Millions of taxpayers, thousands of businesses, and groups as diverse as solar power developers and disaster victims will see tax relief with the a $700billion financial rescue plan.
The tax relief package attached to the rescue bill promotes renewable energy and extends dozens of tax breaks from the critical research and development tax credit to breaks for such narrowly focused groups as motorsports racetrack owners, film producers and bicycle commuters.
The renewable energy part of the package alone, House Speaker Nancy Pelosi said, will “create and save half-a-million good-paying jobs in America immediately.”
Nearly all of the tax breaks already existed. But many expired Jan. 1 for the current tax year, and others expire in three months unless renewed.
The largest group of beneficiaries is about 20 million mainly upper-middle income taxpayers. Without congressional action, the AMT, which originally was to affect only the very rich, would add some $2,000 this year to the tax bill of these people, most earning under $200,000 a year.
Thousands of businesses await renewal of the research and development tax credit, which expired at the end of last year. Without it, advocates say, high-tech, biotech and aerospace firms would have trouble hiring the highly skilled workers needed to compete with foreign rivals.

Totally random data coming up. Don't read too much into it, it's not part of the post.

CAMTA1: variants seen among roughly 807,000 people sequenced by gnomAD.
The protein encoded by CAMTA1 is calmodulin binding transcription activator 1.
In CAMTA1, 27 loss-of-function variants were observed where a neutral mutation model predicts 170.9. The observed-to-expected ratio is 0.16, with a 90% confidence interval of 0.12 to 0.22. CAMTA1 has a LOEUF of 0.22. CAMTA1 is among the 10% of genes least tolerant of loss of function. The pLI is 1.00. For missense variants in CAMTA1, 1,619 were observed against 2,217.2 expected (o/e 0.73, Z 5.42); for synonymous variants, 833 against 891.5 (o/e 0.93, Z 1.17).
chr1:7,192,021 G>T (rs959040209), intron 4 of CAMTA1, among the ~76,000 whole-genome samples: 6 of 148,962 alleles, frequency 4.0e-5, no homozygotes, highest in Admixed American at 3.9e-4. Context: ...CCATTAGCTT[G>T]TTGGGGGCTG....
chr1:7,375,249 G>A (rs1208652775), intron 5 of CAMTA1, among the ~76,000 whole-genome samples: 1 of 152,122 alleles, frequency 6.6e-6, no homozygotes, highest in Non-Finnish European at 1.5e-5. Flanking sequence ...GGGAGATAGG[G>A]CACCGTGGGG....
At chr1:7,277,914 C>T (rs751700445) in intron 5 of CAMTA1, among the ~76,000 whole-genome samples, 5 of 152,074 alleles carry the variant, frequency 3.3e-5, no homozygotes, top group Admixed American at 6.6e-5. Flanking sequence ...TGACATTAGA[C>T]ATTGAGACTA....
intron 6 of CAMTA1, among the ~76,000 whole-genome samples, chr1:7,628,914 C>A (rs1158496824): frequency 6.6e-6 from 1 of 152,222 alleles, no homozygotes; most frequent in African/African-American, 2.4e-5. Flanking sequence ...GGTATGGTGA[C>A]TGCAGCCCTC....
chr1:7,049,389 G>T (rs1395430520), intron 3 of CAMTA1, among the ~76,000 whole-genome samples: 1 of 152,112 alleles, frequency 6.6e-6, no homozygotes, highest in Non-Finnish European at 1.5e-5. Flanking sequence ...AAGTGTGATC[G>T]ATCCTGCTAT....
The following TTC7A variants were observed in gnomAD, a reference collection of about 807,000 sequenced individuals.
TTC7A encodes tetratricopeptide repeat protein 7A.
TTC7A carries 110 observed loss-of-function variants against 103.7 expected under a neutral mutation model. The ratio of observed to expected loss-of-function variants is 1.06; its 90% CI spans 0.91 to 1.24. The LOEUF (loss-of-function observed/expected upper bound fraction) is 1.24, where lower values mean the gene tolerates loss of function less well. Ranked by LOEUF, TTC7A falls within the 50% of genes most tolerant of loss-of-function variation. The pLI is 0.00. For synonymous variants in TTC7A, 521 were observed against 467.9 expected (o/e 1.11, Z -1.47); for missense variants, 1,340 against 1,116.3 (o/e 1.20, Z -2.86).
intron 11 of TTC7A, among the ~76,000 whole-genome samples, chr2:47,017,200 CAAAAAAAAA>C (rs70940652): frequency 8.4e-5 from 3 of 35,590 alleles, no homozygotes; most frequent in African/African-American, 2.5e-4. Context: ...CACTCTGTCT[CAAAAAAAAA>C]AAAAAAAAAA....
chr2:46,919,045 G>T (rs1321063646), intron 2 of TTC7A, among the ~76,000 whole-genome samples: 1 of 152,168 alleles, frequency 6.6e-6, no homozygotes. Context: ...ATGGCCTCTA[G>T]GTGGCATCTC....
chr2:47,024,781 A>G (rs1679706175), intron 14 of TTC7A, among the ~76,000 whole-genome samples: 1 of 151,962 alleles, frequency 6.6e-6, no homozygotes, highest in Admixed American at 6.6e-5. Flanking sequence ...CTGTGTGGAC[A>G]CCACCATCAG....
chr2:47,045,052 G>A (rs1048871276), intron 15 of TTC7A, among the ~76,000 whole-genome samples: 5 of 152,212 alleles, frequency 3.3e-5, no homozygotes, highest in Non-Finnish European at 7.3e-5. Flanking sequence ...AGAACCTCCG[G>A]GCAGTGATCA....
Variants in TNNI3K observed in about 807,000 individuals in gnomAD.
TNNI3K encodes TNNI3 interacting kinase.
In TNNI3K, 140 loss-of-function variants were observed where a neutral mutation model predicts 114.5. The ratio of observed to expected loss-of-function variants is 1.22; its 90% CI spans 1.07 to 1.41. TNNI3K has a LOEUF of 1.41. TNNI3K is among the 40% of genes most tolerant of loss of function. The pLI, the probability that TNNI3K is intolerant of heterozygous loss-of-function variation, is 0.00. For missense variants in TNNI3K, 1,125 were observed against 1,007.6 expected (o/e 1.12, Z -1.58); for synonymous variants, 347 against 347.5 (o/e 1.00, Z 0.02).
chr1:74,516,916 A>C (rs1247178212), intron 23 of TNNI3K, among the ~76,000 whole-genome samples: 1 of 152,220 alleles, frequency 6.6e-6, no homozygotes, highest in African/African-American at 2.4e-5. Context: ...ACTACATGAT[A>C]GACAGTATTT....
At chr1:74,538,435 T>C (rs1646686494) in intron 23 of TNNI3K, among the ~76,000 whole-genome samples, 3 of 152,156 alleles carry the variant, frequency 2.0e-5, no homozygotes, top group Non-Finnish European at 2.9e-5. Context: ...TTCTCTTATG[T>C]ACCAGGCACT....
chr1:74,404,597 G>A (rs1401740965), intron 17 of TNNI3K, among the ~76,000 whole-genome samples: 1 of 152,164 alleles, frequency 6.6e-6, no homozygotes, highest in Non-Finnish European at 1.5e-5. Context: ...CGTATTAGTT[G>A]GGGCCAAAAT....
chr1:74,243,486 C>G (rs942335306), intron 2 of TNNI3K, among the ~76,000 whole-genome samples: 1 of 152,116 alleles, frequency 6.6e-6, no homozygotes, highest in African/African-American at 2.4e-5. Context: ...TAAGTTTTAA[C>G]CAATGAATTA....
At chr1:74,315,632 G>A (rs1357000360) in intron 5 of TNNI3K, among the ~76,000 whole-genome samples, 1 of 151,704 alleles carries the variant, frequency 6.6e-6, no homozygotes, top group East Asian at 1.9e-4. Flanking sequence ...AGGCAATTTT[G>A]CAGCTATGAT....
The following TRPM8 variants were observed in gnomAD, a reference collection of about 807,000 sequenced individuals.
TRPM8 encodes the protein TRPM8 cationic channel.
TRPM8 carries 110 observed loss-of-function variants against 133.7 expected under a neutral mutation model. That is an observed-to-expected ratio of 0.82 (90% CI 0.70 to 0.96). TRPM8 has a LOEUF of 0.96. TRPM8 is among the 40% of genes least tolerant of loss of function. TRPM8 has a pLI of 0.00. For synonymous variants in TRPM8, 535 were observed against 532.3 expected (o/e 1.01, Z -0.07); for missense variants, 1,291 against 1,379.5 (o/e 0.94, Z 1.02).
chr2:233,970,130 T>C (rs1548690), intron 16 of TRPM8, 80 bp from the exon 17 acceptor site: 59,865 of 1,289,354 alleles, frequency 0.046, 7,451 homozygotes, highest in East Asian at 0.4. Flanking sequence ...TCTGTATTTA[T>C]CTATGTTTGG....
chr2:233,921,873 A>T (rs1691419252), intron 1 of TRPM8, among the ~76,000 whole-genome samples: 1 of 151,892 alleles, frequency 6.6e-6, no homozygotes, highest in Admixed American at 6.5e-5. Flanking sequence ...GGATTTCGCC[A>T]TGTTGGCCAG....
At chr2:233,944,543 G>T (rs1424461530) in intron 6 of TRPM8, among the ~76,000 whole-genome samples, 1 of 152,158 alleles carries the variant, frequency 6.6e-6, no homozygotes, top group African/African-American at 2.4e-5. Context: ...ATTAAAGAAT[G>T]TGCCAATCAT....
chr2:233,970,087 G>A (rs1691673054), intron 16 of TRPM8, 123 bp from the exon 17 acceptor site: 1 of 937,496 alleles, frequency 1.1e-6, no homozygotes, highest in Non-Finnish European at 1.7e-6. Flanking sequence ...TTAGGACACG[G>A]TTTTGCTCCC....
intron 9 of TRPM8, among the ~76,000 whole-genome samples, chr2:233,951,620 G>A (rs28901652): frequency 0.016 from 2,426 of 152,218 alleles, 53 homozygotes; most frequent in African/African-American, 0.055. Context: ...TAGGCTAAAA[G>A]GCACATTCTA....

The Information Technology Association of America reports an $18.5 billion dip in R&D activity since the start of the year, when the credit lapsed. The extension would cost $19 billion over 10 years. The cost of the bill's entire tax portion is near $110 billion.
Renewable-energy incentives include an eight-year extension of investment credits for solar, as well as breaks for wind, geothermal and other alternative sources. The solar industry says extending the credits through 2016 would create an extra 440,000 jobs and over $230 billion in investments.
The measure also has $8 billion in tax breaks for disaster victims, $5 billion for higher education tuition deductions and $400 million in deductions for teachers who buy supplies with their own money.
There are $3 billion in deductions for residents of states without income taxes that have state and local sales taxes.